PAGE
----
The salvation came from another newspaper, Helsingin Sanomat. Mattiesko Hytönen had started his career as a cultural editor, and was writing enormously popular columns to the Sunday issue. But his popularity was not shared by the management and he took a leave of absence for the summer, in order to host our show.

In the fall, when the program was continued, Mattiesko – a narcissistic personality – had to quit his newspaper career, to be able to appear on the screen. It was obvious that a stone-faced slow talker would create contradictory opinions. But the criticism disturbed no one. Mattiesko was not afraid of anyone or anything – and we were making shows day in, day out. No topic was sacred for us.

Besides me and Mattiesko, the crew was Olli Korpiala, the cameraman. He recruited Martti Sivonen to capture the sound. The editor (and the new cameraman after Korpiala got bored) was Kim Sainio, who has later created a remarkable TV career, just as Martti has. After Sainio, Ditte Uljas took over the camera duties.

My department was the ideas & topics, direction, location arrangements and supervising the edit. In the beginning we had Jari Komulainen making street gallup polls. Later Hantta Krause (Wilma Schlizewski) was conducting the interviews, but soon enough Mattiesko was left alone and had to carry the whole six minutes program time with his macho-lonesome-cowboy-style. We changed the name of the show to “Hytönen of the Day”. In 11 months we shot over 180 episodes; many of them memorable.

To support his reputation as a fearless warrior, Mattiesko agreed to do a bungy jump. And sure enough, he came down like a veteran.


In the summer of 1997 a man from Kirkkonummi scored the biggest lotto victory in Finnish history. Antti’s schoolmate Jarmo was hanging out in the office and we recruited him to come to Kirkkonummi with us. We set up our camera in front of the local mall; Mattiesko conducted the interview and told Jarmo about his “stroke of luck” and “a remarkable sum of money”.

Jarmo said that he’ll buy at least an ice cream – he hadn’t had time to think beyond that. The interview went down like the real McCoy and Jarmo was mistaken for the big winner – although the only money he scored was a 100 mark note from Solar Films (a reasonable amount of money in those days). The hoax was revealed at the end of the show, but most of the spectators missed that part completely.


Another scam was played at the Kaivopuisto beach in Helsinki. To support his reputation as a fearless warrior, Mattiesko agreed to do a bungy jump. And sure enough, he came down like a veteran.

Excited from the jump, Hytönen wanted to do it again and climbed up the crane, followed by the camera crew. Then we cut to an image of the platform, at the height of 300 feet. The jumper took off – and got loose from the bungy rope. An enormous splash! The jumper fell into the hard surface of the sea, out of control. No mercy for the audiences; the end credits started to roll. As the lifeless figure floated on the sea, the audiences started to scream and call the police.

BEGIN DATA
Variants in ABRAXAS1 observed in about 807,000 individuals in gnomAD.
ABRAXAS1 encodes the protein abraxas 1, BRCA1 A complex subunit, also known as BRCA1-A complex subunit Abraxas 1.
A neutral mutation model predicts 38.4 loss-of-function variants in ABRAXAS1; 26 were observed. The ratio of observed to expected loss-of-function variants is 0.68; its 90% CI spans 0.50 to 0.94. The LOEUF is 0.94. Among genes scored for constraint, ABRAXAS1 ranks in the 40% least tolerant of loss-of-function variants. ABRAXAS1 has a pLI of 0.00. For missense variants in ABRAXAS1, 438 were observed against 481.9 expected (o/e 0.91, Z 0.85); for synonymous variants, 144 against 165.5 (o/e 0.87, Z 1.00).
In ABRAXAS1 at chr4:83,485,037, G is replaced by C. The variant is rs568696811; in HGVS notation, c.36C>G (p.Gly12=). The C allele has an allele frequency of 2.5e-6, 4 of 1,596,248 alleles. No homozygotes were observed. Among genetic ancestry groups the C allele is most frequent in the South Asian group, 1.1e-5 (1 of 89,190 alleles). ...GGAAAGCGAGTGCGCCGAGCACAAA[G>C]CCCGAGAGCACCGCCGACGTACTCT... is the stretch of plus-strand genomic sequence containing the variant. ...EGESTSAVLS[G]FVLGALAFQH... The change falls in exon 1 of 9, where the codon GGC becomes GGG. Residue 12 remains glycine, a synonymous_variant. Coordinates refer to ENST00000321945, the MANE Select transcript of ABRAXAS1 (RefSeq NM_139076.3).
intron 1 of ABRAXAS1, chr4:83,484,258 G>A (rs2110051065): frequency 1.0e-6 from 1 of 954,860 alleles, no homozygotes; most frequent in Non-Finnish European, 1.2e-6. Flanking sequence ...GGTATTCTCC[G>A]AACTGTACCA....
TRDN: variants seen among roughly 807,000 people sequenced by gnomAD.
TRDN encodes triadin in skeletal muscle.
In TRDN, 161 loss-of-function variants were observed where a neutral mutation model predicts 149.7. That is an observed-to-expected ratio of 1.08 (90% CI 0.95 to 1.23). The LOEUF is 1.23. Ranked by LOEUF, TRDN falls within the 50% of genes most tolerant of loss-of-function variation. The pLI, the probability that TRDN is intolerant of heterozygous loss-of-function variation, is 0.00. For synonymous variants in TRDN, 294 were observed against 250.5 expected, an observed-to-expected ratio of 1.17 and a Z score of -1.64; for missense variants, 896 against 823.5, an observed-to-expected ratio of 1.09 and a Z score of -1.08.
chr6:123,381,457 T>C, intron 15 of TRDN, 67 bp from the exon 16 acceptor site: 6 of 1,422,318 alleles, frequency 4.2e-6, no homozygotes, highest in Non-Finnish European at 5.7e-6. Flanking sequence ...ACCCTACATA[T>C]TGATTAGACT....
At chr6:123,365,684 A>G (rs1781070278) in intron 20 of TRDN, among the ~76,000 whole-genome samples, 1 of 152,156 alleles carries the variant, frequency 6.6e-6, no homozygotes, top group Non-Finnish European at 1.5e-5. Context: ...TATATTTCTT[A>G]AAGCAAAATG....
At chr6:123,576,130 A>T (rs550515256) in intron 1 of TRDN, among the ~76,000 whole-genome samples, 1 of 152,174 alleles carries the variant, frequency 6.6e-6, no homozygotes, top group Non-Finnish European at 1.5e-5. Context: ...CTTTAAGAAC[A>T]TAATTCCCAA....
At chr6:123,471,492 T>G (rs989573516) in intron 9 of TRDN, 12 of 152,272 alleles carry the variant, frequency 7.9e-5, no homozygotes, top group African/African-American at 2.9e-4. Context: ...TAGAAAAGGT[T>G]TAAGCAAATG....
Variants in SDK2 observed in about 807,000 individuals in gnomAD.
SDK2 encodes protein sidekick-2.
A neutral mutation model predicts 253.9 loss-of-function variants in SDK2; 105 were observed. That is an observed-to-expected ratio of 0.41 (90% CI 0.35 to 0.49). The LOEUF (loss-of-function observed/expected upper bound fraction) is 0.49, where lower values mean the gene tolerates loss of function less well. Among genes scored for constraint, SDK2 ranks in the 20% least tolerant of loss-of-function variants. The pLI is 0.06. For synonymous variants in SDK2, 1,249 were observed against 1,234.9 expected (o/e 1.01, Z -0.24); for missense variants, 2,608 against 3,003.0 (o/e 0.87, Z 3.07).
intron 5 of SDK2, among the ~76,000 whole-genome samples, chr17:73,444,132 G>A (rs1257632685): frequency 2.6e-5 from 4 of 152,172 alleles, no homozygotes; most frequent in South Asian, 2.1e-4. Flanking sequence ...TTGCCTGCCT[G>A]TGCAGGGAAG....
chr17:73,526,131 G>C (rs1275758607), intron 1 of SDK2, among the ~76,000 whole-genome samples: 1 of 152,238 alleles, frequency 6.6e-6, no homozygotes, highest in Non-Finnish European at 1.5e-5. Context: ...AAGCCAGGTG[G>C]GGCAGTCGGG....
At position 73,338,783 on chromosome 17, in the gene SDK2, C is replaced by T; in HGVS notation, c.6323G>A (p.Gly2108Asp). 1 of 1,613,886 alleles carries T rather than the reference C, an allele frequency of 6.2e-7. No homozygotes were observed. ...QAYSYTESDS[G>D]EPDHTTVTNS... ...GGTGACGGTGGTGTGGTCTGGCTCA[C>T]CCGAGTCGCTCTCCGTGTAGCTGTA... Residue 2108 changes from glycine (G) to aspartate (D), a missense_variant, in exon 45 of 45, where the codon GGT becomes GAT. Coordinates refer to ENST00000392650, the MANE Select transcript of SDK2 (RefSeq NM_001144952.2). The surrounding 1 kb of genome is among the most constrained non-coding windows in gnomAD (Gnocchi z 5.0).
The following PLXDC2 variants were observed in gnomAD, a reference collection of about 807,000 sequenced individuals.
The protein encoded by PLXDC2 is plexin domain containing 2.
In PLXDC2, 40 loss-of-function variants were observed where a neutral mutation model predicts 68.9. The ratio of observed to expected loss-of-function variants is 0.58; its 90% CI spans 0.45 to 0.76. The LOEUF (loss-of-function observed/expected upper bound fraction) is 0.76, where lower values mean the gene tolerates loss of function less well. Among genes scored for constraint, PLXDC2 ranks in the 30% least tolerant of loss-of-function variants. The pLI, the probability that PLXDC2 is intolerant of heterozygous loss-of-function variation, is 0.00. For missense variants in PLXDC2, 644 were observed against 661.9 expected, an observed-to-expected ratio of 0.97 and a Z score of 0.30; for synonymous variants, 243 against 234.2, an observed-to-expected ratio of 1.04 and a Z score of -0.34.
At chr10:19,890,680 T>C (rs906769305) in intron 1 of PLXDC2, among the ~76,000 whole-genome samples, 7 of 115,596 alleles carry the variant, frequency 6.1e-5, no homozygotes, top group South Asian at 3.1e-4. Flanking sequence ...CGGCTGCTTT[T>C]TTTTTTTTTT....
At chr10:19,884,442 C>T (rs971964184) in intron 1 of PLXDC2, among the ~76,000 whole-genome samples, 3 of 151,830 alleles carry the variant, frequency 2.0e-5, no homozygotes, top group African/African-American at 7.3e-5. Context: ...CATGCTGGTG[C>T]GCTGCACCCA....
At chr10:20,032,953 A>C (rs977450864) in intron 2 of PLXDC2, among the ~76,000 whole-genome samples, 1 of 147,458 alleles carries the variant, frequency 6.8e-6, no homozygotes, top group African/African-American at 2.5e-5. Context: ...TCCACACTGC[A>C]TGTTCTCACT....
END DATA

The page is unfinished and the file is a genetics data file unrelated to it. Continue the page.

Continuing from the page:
However, the jumper wasn’t Mattiesko – but a zombie doll we had found at the prop store of Solar Films. Scruffy hair, high cheek bones, a square jaw – the puppet was a dead ringer of mr. Hytönen. We dressed him up in the trademark clothing of Mattiesko: black cowboy boots, black denims and a black leather jacket.

The spectators were relieved / disappointed to see Hytönen hosting the show the following evening, completely unharmed. Considering the events of the night before, he should’ve been black and blue from his bruises – or dead.

The same doll was used later (in a skiing outfit) in a local hospital, in order to figure out if an overdose of EPO hormons could be traced in the bones of the dead victim. The other patients waiting to visit the same medical expert didn’t seem to appreciate our particular style of journalism.

The third claim to fame for the doll was when Mattiesko shot the poor dummy with a shotgun, in his summerplace, in order to prove that a spray of pellets wouldn’t kill an escaping eco-terrorist who had attacked a mink farm. The doctor had no difficulties removing the projectiles from the “skin” of the dummy with a pair of tweezers.

The cadaver resembling a dead man was still considerably intoxicated.


This episode almost didn’t get made. Mattiesko can’t hold his liqueur well at all – he’s a two-pot-screamer. Tony Halme took advantage of this and managed to get our host blind drunk.

The following day; our morning meeting to plan the show of the day – and Mattiesko was nowhere to be seen. No answer on his cell phone. Luckily we had the concept ready; a known model had ditched her car the day before (DUI) and one of the passengers was injured. The manager of the model agency had agreed to grant us an interview, to be conducted in Turku in a few hours.

We packed our gear to the car and swung by Mattiesko’s home address. The truth was revealed as we peeked in though the mail box; the man was lying on the floor, face down. The doorbell and our loud screaming managed to wake him up (sort of): the cadaver resembling a dead man was still considerably intoxicated. Appearing on national TV in that state might’ve had consequences – so we had to use our plan B.

Hytönen, in a very delicate state, managed to get through the day with flying colors. He conducted the interview and claimed his drinking the night before was done on purpose, to prove the fact that driving (or working) condition on the following day was not to be taken for granted.

We sidetracked by the local police station, where Mattiesko took a breathalyzer test in front of the cameras. The result; two per mille at four PM. That was the end of our educational 6-minute lecture on the effects of alcohol. Memorable journalism, at its best.


When we wrapped the drama series “Under The Star Lantern”, we started writing a daily soap opera for Channel 4, “Star Factory”. It was a direct hommage (spin-off) to “The Bold and the Beautiful”, one of the favorite programs of the Finns at the time.